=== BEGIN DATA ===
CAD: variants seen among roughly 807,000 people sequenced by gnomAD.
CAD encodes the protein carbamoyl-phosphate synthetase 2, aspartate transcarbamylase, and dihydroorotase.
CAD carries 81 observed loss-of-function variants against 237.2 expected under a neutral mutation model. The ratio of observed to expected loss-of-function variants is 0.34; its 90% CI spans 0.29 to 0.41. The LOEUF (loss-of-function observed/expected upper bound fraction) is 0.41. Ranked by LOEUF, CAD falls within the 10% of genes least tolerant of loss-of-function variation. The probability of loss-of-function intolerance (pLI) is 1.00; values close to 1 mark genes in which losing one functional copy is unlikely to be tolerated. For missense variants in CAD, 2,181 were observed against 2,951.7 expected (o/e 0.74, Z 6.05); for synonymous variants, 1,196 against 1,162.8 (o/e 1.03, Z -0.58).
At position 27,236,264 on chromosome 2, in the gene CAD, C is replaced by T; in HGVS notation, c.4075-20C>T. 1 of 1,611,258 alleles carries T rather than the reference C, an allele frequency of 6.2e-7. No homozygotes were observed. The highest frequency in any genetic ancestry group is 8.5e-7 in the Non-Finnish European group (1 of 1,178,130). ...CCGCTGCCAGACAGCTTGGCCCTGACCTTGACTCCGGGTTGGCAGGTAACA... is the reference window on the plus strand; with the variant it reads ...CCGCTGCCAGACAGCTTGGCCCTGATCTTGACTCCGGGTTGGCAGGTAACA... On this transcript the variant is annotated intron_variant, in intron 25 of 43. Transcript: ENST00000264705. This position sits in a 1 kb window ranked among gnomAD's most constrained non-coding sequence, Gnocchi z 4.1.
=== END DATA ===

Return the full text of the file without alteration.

CAD: variants seen among roughly 807,000 people sequenced by gnomAD.
CAD encodes the protein carbamoyl-phosphate synthetase 2, aspartate transcarbamylase, and dihydroorotase.
CAD carries 81 observed loss-of-function variants against 237.2 expected under a neutral mutation model. The ratio of observed to expected loss-of-function variants is 0.34; its 90% CI spans 0.29 to 0.41. The LOEUF (loss-of-function observed/expected upper bound fraction) is 0.41. Ranked by LOEUF, CAD falls within the 10% of genes least tolerant of loss-of-function variation. The probability of loss-of-function intolerance (pLI) is 1.00; values close to 1 mark genes in which losing one functional copy is unlikely to be tolerated. For missense variants in CAD, 2,181 were observed against 2,951.7 expected (o/e 0.74, Z 6.05); for synonymous variants, 1,196 against 1,162.8 (o/e 1.03, Z -0.58).
At position 27,236,264 on chromosome 2, in the gene CAD, C is replaced by T; in HGVS notation, c.4075-20C>T. 1 of 1,611,258 alleles carries T rather than the reference C, an allele frequency of 6.2e-7. No homozygotes were observed. The highest frequency in any genetic ancestry group is 8.5e-7 in the Non-Finnish European group (1 of 1,178,130). ...CCGCTGCCAGACAGCTTGGCCCTGACCTTGACTCCGGGTTGGCAGGTAACA... is the reference window on the plus strand; with the variant it reads ...CCGCTGCCAGACAGCTTGGCCCTGATCTTGACTCCGGGTTGGCAGGTAACA... On this transcript the variant is annotated intron_variant, in intron 25 of 43. Transcript: ENST00000264705. This position sits in a 1 kb window ranked among gnomAD's most constrained non-coding sequence, Gnocchi z 4.1.